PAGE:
Ethiopian electronic dance music

Making Ethiopian sounding electronic music is pretty easy if you know your way around Ethiopian music theory

which is different from western music in terms of modality, rhythm and musical instruments which provides a unique opportunity to come up with a new electronic sub-genre. Ethiopian music scales are predominantly pentatonic which contain five of the seven tones which is practiced by different ethnic people of Ethiopia. There are four Kiñits (scales) used in Ethiopian music
1. Tizita

2. Batti

3. Ambassel

4. Anchihoye

1. Tizta 

Tizta major

Tizta can be divided in to Tizta major & Tizta minor

Tizta major scales contains all major intervals or the notes C, D, E, G & A this scale can be heard in most of Mahmud Ahmed Tizta songs. The scale contains the following notes in the key of C 

Tizta minor                                                                                            

The Tizta minor contains similar notes as Tizta major but difference between the two is that for Tizta minor the second and fourth intervals are minor.


The Tizta scale is used around the world in western, Eastern Europe and in some parts of Africa it’s not indigenous to Ethiopia what makes Tizta different than the above is that the pace songs and the rhythms used not to mention the emotional aspect of the song which is used to invoke memories why Tizta is a called song of reminiscence.

2. Batti

This scale is best known for its popular Batti tunes played by Azmaris from Batti. The scale has various modal types which are very close to each other.

Batti major


Batti minor

Batti Lydian

Batti minor with raised fourth

Batti minor with raised fifth

3. Ambassel

Ambassel is another Ethiopian scale which got its name from Ambassel area in northern Ethiopia what’s with the wollo’s and music it must be the beautiful women inspiring this. I hope to visit the area in the near future and get proper inspiration.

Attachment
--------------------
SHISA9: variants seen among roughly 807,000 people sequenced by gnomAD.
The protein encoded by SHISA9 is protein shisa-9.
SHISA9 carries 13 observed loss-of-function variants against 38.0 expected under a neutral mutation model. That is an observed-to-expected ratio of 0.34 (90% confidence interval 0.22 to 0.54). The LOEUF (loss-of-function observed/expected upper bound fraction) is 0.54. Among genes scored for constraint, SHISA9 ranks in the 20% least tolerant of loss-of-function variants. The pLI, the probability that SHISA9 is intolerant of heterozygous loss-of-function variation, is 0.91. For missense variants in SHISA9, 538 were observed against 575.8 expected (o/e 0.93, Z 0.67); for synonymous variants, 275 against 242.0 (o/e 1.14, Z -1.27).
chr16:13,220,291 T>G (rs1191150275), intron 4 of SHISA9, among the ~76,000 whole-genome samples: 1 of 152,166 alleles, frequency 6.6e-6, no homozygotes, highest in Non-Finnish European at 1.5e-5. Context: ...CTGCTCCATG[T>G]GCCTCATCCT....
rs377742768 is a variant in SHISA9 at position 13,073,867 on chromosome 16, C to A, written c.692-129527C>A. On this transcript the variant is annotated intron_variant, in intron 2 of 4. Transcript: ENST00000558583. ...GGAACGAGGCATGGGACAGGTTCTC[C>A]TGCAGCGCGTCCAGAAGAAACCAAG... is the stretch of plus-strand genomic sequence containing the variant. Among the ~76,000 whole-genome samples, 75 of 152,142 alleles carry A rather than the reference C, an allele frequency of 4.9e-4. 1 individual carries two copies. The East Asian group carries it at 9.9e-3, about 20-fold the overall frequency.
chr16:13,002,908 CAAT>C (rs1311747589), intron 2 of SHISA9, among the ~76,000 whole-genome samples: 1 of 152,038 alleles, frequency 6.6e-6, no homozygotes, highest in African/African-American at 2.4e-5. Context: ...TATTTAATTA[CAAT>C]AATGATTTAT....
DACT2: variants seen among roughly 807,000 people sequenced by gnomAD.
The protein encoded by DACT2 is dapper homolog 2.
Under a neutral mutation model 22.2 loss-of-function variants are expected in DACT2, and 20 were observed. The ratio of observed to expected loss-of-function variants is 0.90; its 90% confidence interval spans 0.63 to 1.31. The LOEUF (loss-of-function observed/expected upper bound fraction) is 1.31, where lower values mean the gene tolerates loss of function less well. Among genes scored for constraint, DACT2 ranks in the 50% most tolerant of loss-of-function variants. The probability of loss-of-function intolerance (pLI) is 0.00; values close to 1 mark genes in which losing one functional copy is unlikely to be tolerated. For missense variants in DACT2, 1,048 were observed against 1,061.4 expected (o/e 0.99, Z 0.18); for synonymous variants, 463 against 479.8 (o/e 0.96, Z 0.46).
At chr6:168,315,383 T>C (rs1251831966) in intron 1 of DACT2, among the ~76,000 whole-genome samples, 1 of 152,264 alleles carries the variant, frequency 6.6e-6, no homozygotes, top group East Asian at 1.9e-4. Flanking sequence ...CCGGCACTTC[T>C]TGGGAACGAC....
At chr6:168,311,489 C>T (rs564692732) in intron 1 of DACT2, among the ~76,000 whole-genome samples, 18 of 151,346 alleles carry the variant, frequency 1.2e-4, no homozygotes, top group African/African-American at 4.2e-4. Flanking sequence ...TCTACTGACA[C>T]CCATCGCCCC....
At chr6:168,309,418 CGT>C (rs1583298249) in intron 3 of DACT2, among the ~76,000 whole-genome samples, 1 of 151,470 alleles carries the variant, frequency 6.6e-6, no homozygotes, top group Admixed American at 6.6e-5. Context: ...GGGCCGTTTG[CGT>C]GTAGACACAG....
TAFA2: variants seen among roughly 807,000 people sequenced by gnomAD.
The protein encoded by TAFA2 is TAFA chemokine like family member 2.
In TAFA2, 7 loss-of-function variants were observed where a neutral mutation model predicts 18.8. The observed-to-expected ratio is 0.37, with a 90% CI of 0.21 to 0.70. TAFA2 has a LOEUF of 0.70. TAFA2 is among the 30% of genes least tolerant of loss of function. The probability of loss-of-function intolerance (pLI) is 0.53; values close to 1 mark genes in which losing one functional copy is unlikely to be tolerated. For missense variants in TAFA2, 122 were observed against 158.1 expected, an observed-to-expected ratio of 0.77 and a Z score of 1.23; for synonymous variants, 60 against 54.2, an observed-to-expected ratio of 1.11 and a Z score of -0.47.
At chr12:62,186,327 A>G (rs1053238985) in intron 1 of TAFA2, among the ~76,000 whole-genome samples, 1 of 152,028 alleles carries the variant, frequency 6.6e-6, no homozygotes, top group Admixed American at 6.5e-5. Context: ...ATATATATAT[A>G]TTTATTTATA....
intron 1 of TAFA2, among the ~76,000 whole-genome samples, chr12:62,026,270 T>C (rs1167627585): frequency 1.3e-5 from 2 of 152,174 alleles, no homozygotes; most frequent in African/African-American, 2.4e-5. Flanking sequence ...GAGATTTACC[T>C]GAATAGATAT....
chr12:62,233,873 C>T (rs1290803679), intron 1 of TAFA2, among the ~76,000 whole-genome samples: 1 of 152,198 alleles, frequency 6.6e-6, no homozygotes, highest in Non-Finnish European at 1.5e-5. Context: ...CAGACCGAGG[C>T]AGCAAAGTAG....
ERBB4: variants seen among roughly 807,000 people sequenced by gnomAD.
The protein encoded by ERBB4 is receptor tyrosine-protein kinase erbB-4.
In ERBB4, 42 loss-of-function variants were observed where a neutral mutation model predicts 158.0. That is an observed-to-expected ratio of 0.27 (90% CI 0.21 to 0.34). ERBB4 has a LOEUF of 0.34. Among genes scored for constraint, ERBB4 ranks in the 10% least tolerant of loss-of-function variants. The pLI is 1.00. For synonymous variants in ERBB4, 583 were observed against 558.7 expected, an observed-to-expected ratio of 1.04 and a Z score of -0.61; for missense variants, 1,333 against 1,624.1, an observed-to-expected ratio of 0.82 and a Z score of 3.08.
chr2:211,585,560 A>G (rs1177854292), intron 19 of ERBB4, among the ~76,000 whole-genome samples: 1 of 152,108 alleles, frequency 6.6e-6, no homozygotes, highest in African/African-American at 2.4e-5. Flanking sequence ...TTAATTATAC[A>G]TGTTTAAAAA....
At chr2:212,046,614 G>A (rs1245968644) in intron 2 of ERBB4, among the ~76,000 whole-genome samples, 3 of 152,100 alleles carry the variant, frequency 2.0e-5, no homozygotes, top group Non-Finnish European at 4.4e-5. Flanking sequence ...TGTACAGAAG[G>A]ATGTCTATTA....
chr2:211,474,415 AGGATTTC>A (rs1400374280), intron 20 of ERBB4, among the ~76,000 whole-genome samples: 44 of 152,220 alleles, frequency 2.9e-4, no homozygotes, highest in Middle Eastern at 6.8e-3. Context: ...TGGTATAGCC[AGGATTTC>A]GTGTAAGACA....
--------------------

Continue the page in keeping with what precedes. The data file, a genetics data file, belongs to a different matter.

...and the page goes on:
4. Anchihoye

Anchihoye is the arguably pure Ethiopian scale and it’s used for upbeat songs in mass celebration such as wedding songs. Its title originated from popular tune anchihoye-lene if you want to how it sounds listen to popular wedding songs I recommend (Tsegaye eshetu). I personally love this scale because it has the right elements for making Ethiopian electronic dance music if you are to make EEDM this is the scale you want. Anchihoye is mostly played with the infamous 6/8 chik-chika rhythm at 120BPM and above. Rhythms are very important characteristics of any style of music, which is written in details about in my book Muziqa I suggest you read it. 

Tigraway music

Other music in northern Ethiopia is Tigrigna music from Tigray region of northern Ethiopia is hard to miss with its unique drum pattern; Tigrigna music uses major pentatonic modal system. The two common scales in Tigrigna music are

Major pentatonic  

This scale has similar tones like of the Tizta major scale

Dorian pentatonic 


In order to make EEDM using the above Kiñits one has to use favorable rhythm for me chik-chika which is in 6/8 time signature has the best and the most unique Ethiopian pop rhythm where we should encompass both the melodic and percussion parts in to. The rhythm for EEDM in the context of chik-chika can be explained as putting three one third notes in the place of four quarter notes in a measure which simply means we divide our measure in to three equal parts the combination of this rhythm and the above scales in a dance BPM say around 124-128 will definitely give you crowd smashing EEDM track.